Neal

          From: fadingshadows2000 <fadingshadows40@...>
          To: seymouria@yahoogroups.com
          Sent: Thursday, March 1, 2012 6:47 PM
          Subject: [seymouria] Re: Sclerocephalus - A Temnospondyl Amphibian of the Carboniferous/Permian

           
          Great posts today, Neal, I enjoyed both the firefly and amphibian data. I remember when we were kids trying to catch lightning bugs in a jar (hahaha).
          Tom

          --- In seymouria@yahoogroups.com, Neal Robbins <ctn47496@...> wrote:
          >
          >
          >
          >     This link has an illustration of Sclerocephalus.
          > http://en.wikipedia.org/wiki/File:Sclerocephalus1DB.jpg
          >
          >     This link has a photo of the holotype of Sclerocephalus haeuseri.
          >  http://en.wikipedia.org/wiki/File:Sclerocephalus_haeuseri,_original_fossil.jpg
          >
          >     Sclerocephalus was a genus of temnospondyl amphibians that lived during the Carboniferous/Permian. The systematic paleontology of Sclerocephalus is:
          >
          > Amphibia Linnaeus 1758
          > Temnospondyli von Zittel 1887
          > Stereospondylomorpha Yates and Warren 2000
          > Actinodontidae Lydekker 1885
          > Sclerocephalus Goldfuss 1847
          > Sclerocephalus haeuseri Goldfuss 1847
          > S. bavaricus Branco 1887
          > S. nobilis Kratschmer and Resch 2005
          > S. stambergi Klembara and Sebastien 2012
          >
          >     Scerlocephalus had a length of up to 1.5 m. (4.92 feet). Fossil remains of Scerocephalus haeuseri, S. bavaricus, and S. nobilis were found the Rhineland-Palatinate region of Germany. They were unearthed in strata dating to an Asselian- Gzhelian span. [Note - The Asselian is late Carboniferous; it dates to an interval of 299 - 294.6 million years ago. The Gzhelian is early Permian and dates to an interval of 299 - 294.6 million years ago.]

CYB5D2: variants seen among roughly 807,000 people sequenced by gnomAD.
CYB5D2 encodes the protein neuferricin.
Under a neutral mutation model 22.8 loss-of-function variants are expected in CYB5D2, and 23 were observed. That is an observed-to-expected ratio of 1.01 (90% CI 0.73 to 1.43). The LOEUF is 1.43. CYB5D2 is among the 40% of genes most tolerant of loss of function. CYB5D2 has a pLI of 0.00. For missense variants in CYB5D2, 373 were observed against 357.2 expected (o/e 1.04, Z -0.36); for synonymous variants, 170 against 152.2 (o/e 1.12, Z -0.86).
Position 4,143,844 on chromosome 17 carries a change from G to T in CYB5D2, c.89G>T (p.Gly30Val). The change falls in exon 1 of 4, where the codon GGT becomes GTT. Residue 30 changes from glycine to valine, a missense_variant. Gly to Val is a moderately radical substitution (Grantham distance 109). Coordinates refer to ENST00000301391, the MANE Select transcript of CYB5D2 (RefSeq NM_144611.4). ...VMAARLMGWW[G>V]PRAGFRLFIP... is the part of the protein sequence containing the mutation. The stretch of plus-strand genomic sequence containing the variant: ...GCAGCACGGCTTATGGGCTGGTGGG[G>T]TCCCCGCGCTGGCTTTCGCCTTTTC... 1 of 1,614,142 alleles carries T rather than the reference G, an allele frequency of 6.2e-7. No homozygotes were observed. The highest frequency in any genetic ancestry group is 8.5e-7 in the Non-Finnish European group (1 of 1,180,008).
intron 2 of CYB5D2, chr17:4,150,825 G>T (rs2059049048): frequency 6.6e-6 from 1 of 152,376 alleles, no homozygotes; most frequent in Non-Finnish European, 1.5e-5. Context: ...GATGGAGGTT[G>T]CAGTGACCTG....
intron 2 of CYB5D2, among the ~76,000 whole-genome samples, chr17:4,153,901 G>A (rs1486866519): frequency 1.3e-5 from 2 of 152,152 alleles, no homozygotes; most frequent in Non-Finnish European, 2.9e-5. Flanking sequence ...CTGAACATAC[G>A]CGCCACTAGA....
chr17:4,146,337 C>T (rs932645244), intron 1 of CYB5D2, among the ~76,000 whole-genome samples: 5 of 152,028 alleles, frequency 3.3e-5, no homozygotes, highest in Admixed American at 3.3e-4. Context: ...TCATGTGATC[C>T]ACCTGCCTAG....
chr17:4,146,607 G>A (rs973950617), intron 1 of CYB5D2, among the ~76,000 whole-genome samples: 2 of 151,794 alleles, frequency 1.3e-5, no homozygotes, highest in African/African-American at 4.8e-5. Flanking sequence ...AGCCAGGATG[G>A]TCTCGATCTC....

>     Jozef Klembara and J. Sebastien wrote an article titled A New Species of Sclerocephalus (Temnospondyli: Stereospondylomorpha) from the Early Permian of the Boskovice Basin (Czech Republic). It was published in 2012 in the Journal of Paleontology, v. 86, no. 2, pp. 302-310. The abstract is on this link.
          > http://jpaleontol.geoscienceworld.org/content/86/2/302.abstract
          >
          >     Rainer Schoch wrote an article titled Early larval ontologeny of the Permo-Carboniferous temnospondyl Sclerocephalus. It was published in 2003 in Palaeontology, Volume 46, Issue 5, pp. 1055-1072. This quote from the abstract says:
          >
          > The early larval development of the temnospondyl Sclerocephalus sp. is analyzed, based on 38 specimens from the Lower Rotliegend (Permo-Carboniferous boundary) of the Saar-Nahe Basin (south-west Germany). This study focuses on the smallest larval specimens, which exemplify changes in both proportions and ossification patterns. In comparison with dissorophoid larvae, the skull ossifies more fully and at a much faster rate; the smallest specimens already have completely formed circumorbital bones that are sutured throughout. Sculpturing undergoes two marked changes, first from uniformly pitted to pits of variable size and regional differentiation, and finally to the origin of ridges. The palate of small larvae differs from that of larger specimens in patterns of dentition, having more teeth including a denticle field on the cultriform process. The mandible of small larvae is described for the first time, being narrower than in adults and having three
          > dentigerous coronoid elements. The smallest specimens have poorly ossified neural arches, lack vertebral centra, and have faintly ossified humeri, femora, and very poorly developed distal elements. The posterior ribs, metapodia, and phalanges appeared after the dermal elements of the pectoral girdle, whereas the scapulocoracorid and ischium are absent throughout the larval period. Early growth and differentiation of the limbs and ilium illustrates the development patterning of the appendages, which proceed from proximal to distal. Dermal squamation is uniform in small stages, consisting of round or oval osteoderms with pronounced growth rings; in large larvae, they start to differentiate in certain body regions.
          >
          >     Neal Robbins
          >